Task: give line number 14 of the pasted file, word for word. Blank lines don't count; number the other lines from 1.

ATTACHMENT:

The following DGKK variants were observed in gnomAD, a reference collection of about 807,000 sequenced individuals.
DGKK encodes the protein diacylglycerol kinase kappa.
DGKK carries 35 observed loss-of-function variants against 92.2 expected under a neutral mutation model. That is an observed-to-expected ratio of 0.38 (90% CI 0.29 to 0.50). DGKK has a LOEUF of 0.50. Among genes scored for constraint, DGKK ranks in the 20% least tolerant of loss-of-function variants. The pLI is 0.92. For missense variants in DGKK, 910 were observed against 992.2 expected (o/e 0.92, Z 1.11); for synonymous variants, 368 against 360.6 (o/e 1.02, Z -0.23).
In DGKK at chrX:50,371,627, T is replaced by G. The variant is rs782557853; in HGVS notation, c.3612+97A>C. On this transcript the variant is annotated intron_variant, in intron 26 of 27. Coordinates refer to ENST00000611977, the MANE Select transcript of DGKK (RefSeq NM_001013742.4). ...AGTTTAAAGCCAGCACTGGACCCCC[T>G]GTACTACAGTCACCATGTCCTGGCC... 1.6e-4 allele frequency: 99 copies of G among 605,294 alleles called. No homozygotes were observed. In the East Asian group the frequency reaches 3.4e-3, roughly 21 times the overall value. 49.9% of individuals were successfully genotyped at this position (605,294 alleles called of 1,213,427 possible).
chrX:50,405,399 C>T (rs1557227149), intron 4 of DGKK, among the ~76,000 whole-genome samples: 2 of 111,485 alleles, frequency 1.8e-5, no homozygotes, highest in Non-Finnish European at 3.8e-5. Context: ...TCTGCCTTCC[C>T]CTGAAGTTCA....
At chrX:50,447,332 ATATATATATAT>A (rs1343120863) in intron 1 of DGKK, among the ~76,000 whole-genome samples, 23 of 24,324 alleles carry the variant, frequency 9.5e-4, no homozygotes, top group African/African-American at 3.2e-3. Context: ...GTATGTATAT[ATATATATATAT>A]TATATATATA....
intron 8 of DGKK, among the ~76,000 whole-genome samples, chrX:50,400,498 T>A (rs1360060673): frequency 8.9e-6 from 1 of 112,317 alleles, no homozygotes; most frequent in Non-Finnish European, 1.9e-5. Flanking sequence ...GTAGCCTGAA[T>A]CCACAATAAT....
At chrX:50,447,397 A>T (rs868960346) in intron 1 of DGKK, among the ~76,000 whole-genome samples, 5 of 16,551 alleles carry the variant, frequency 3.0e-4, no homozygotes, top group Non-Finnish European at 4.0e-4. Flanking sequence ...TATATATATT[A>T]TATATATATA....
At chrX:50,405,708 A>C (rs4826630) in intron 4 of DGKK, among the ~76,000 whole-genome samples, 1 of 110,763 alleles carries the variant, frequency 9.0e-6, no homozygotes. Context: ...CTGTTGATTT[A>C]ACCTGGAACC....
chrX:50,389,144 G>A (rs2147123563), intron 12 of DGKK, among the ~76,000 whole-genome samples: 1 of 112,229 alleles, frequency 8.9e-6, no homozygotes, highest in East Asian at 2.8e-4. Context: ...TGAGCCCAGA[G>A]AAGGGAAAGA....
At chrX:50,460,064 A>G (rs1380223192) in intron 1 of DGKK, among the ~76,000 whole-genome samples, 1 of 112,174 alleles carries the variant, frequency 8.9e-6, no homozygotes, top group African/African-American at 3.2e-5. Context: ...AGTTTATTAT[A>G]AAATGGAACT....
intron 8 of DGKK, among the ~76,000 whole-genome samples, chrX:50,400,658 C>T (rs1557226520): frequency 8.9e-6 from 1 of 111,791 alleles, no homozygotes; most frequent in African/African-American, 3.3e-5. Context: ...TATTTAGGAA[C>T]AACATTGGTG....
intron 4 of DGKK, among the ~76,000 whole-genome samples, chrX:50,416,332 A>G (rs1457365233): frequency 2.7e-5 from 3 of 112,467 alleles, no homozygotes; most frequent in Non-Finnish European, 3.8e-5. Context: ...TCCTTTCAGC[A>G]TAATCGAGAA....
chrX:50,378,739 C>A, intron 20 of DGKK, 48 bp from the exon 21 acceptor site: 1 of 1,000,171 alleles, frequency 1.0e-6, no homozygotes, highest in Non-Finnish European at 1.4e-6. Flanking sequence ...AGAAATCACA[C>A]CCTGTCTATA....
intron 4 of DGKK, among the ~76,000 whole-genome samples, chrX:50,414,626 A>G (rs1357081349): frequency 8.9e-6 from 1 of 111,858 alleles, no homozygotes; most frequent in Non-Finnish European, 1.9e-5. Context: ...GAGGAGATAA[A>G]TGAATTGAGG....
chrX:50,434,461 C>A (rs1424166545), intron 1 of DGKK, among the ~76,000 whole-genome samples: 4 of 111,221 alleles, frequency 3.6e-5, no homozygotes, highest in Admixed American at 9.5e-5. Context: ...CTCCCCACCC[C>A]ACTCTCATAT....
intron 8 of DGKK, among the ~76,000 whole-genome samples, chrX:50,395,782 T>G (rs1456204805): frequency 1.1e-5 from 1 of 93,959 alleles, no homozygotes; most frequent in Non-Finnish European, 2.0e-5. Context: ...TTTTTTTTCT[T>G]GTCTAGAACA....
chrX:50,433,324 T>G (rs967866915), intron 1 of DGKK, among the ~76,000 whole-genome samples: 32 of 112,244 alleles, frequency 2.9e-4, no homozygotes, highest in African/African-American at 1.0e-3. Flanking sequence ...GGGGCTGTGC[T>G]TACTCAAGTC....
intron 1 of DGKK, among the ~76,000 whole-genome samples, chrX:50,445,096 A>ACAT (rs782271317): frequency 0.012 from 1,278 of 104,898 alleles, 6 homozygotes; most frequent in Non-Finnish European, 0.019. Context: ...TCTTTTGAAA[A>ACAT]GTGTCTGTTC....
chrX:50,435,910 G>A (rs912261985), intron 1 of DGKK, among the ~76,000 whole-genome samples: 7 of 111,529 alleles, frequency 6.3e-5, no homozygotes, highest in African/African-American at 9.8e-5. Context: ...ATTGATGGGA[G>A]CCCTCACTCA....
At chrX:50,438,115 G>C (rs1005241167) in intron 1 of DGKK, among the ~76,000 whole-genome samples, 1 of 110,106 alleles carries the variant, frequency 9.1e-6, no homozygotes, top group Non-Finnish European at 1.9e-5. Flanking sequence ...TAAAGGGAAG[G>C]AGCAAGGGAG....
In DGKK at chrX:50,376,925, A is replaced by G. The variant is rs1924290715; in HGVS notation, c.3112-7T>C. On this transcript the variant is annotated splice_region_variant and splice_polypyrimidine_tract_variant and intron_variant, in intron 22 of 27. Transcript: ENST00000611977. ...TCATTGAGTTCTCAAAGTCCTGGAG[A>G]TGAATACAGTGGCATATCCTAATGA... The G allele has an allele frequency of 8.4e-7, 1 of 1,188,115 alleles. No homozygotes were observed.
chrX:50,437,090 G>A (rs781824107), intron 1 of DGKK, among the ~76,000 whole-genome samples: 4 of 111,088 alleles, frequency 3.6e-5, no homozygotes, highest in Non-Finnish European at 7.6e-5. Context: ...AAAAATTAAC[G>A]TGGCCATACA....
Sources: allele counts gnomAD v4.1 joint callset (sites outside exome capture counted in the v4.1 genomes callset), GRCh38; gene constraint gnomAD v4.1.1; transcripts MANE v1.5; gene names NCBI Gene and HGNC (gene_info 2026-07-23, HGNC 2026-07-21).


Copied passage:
chrX:50,378,739 C>A, intron 20 of DGKK, 48 bp from the exon 21 acceptor site: 1 of 1,000,171 alleles, frequency 1.0e-6, no homozygotes, highest in Non-Finnish European at 1.4e-6. Flanking sequence ...AGAAATCACA[C>A]CCTGTCTATA....